YEAR END TAX PLANNING

YEAR END TAX PLANNING

Help Minimize Your
Company's 2006 Tax Bill


A basic principle of year-end tax saving is, accelerate deductible expenses into this year and defer income until next year. Of course, that doesn’t work in all cases. The right strategy for your company depends on several factors, including how you answer these questions:
Does your business operate on a cash or accrual basis?

Do you expect a profit or a loss for 2006?

Do you anticipate that 2007 will bring significantly higher revenue or expenses, or a tax bracket change?
Depending on the answer, you could be better off reserving some tax breaks for next year or New Court Case:
Accounting for Inventory Shrinkage

Astute inventory accounting at the end of the year can help improve the bottom line. But as one new Tax Court case illustrates, there’s no need to be greedy.

Facts of the case: The Tax Court ruled that a company could not increase reported purchases by the same amount it had properly allocated to inventory shrinkage. The result would have had the effect of counting the cost of goods twice.
The company’s dietary supplement business utilized a periodic inventory accounting method. The method required an adjustment to inventory at the end of the year to reflect the physical ending inventory count.
To compute the gross income of a business, cost of goods sold are subtracted from gross receipts. The cost of goods sold, in turn, is computed by subtracting the value of ending inventory for a year from the sum of beginning inventory and purchases during the year.
After a physical count was conducted, the company made an adjustment reflecting a $48,000 credit to inventory and an offsetting $48,000 debit to purchases.
The Tax Court agreed with the IRS that the taxpayer could not show that $48,000 in purchases replaced the lost inventory. The Court also said that including the $48,000 in purchases, as well as in its ending inventory, allowed the taxpayer to improperly increase its cost of goods. This effectively doubled the amount of actual inventory shrinkage. (Total Health Center Trust, TC Memo 2006-226)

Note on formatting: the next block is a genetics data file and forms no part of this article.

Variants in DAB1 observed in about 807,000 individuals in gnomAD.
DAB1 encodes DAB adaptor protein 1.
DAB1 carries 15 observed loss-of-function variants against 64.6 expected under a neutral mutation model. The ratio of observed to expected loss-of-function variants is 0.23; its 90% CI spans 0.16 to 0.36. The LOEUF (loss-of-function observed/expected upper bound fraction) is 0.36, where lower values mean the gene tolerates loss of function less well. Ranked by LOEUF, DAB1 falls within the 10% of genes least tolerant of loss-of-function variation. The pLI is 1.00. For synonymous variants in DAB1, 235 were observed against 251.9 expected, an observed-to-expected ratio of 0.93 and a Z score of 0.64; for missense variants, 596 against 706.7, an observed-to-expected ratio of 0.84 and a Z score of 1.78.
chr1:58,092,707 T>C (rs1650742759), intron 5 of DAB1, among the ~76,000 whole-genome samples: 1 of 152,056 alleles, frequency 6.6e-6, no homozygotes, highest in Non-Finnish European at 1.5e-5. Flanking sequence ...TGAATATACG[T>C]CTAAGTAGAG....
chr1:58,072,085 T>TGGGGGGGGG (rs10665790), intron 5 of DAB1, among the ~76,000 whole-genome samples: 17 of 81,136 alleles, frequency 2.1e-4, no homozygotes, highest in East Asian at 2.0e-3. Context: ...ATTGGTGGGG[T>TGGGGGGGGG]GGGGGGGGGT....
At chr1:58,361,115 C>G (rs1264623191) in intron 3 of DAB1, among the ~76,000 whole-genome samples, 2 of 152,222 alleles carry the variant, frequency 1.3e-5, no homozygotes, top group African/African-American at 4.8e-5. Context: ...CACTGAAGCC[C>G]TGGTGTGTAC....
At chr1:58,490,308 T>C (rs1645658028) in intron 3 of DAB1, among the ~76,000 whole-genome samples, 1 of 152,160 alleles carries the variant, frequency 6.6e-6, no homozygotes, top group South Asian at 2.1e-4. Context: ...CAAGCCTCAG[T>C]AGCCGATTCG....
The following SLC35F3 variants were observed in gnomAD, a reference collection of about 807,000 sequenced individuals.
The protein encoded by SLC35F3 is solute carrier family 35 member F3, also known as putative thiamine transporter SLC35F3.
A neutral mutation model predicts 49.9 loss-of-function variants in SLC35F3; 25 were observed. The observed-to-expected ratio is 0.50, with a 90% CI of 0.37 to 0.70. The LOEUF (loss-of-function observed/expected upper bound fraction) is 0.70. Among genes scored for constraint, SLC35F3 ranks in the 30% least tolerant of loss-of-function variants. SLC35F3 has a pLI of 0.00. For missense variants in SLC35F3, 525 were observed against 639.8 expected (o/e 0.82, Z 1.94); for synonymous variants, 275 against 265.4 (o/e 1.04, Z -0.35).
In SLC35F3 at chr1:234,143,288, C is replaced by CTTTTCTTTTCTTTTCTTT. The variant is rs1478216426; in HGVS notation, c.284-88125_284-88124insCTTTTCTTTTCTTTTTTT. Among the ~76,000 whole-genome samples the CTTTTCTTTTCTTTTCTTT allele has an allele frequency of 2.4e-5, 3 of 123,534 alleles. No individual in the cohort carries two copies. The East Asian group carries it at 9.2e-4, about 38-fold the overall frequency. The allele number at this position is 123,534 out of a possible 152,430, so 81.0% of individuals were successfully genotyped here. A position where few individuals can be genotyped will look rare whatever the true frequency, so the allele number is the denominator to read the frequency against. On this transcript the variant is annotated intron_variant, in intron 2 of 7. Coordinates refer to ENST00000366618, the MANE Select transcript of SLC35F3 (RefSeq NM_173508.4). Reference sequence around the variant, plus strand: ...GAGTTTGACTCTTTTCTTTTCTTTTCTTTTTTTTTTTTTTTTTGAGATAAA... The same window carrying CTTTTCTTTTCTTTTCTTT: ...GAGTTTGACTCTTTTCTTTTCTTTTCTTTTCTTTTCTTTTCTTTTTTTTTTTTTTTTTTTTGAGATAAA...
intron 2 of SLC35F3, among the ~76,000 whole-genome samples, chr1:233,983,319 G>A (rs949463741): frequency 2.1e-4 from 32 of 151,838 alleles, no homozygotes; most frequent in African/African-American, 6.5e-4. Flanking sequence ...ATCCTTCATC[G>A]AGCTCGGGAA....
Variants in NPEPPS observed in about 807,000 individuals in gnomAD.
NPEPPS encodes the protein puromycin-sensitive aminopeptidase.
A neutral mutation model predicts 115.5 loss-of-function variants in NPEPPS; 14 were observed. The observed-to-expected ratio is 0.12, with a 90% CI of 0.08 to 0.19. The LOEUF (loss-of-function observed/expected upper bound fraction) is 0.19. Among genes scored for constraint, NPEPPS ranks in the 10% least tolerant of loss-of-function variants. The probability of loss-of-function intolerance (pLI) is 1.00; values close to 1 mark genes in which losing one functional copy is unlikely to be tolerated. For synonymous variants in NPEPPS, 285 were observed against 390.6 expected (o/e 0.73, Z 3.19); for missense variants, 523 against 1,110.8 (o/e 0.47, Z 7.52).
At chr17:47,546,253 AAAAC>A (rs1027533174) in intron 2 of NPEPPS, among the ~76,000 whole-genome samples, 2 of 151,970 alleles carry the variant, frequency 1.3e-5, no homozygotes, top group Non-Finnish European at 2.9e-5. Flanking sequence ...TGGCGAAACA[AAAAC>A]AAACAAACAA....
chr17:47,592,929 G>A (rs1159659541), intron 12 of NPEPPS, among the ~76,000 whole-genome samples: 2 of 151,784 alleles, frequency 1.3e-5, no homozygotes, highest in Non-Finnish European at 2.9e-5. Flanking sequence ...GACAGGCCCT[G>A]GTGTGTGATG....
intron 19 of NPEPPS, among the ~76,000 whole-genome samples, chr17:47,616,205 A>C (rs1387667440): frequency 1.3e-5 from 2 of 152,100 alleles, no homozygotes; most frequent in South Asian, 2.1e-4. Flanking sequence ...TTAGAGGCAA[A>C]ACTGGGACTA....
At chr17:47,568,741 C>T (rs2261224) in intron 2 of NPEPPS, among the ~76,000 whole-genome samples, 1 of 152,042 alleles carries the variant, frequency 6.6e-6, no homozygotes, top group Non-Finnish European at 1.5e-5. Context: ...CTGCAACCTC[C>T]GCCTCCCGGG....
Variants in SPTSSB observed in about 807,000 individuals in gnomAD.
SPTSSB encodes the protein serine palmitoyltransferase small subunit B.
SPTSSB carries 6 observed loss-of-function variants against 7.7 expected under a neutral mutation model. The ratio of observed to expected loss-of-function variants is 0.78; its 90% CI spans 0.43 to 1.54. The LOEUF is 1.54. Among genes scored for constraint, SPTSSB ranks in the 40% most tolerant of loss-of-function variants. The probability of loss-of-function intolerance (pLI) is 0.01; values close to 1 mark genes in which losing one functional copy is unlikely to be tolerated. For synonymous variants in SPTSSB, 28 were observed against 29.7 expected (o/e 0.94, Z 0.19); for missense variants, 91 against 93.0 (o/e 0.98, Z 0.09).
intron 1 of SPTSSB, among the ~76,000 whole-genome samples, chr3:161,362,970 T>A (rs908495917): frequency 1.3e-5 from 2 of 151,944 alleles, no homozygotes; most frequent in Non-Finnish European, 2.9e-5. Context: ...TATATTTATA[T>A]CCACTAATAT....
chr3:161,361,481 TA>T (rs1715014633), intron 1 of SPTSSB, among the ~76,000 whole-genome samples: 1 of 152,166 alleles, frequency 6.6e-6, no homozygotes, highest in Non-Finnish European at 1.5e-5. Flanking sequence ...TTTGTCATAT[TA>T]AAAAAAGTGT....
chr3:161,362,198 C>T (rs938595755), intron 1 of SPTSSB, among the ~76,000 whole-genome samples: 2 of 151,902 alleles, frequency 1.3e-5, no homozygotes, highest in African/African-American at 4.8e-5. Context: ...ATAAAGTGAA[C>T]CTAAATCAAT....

pulling income into this year. Assuming your goal is to minimize your 2006 tax bill, here are 10 strategies to consider:
1.
Equipment purchases. Have you taken full advantage of the Section 179 deduction? Rather than depreciate business equipment over several years, you can write off up to $108,000 for 2006. To qualify, the equipment must generally be used more than 50 percent for business (or you must keep track of personal use and reduce your deduction by that percentage) and the equipment must be put to use by December 31st.

Keep in mind, you can only use the Section 179 deduction to the extent you have taxable income. If it’s a close call, you can increase your income by limiting shareholder salaries and bonuses in order to use more of the deduction.

If your C corporation is operating at a loss in 2006 but you expect to turn a profit next year, you might want to save the expense and therefore, the deduction for 2007 (the maximum deduction will rise to $112,000 next year). Also, remember that the Section 179 deduction begins to phase out when you buy more than $430,000 in 2006 (increasing to $450,000 in 2007).

2.
Push income into next year. If your business is cash-based, you don’t pay tax on income until it is received. If that’s the case, you can defer some income into next year by waiting to send out invoices until the end of the month, or by setting up installment plans that push most of the revenue of a sale into next year.

3.